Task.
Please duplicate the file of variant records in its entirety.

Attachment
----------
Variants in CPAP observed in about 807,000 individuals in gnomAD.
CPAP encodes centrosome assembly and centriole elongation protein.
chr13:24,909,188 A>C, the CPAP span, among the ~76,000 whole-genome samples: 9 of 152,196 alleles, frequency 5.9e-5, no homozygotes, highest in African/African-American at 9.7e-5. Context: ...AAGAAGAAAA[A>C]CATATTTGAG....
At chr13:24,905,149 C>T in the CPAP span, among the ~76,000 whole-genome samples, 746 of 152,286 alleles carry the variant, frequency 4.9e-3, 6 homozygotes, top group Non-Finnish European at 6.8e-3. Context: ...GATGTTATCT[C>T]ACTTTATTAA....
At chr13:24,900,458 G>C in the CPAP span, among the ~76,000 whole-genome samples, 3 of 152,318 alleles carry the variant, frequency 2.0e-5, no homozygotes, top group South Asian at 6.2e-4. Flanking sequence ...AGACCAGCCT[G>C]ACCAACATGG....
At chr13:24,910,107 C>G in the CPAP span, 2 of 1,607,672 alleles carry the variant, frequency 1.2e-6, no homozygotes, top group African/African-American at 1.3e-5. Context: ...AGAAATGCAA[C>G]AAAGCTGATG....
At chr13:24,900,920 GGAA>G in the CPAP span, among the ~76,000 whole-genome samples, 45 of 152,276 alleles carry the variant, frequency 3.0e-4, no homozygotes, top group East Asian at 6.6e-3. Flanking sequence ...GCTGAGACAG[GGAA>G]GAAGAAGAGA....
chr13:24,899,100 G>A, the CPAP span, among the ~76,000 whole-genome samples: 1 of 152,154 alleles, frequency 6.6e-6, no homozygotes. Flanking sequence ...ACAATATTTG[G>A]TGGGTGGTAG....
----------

Variants in CPAP observed in about 807,000 individuals in gnomAD.
CPAP encodes centrosome assembly and centriole elongation protein.
chr13:24,909,188 A>C, the CPAP span, among the ~76,000 whole-genome samples: 9 of 152,196 alleles, frequency 5.9e-5, no homozygotes, highest in African/African-American at 9.7e-5. Context: ...AAGAAGAAAA[A>C]CATATTTGAG....
At chr13:24,905,149 C>T in the CPAP span, among the ~76,000 whole-genome samples, 746 of 152,286 alleles carry the variant, frequency 4.9e-3, 6 homozygotes, top group Non-Finnish European at 6.8e-3. Context: ...GATGTTATCT[C>T]ACTTTATTAA....
At chr13:24,900,458 G>C in the CPAP span, among the ~76,000 whole-genome samples, 3 of 152,318 alleles carry the variant, frequency 2.0e-5, no homozygotes, top group South Asian at 6.2e-4. Flanking sequence ...AGACCAGCCT[G>C]ACCAACATGG....
At chr13:24,910,107 C>G in the CPAP span, 2 of 1,607,672 alleles carry the variant, frequency 1.2e-6, no homozygotes, top group African/African-American at 1.3e-5. Context: ...AGAAATGCAA[C>G]AAAGCTGATG....
At chr13:24,900,920 GGAA>G in the CPAP span, among the ~76,000 whole-genome samples, 45 of 152,276 alleles carry the variant, frequency 3.0e-4, no homozygotes, top group East Asian at 6.6e-3. Flanking sequence ...GCTGAGACAG[GGAA>G]GAAGAAGAGA....
chr13:24,899,100 G>A, the CPAP span, among the ~76,000 whole-genome samples: 1 of 152,154 alleles, frequency 6.6e-6, no homozygotes. Flanking sequence ...ACAATATTTG[G>A]TGGGTGGTAG....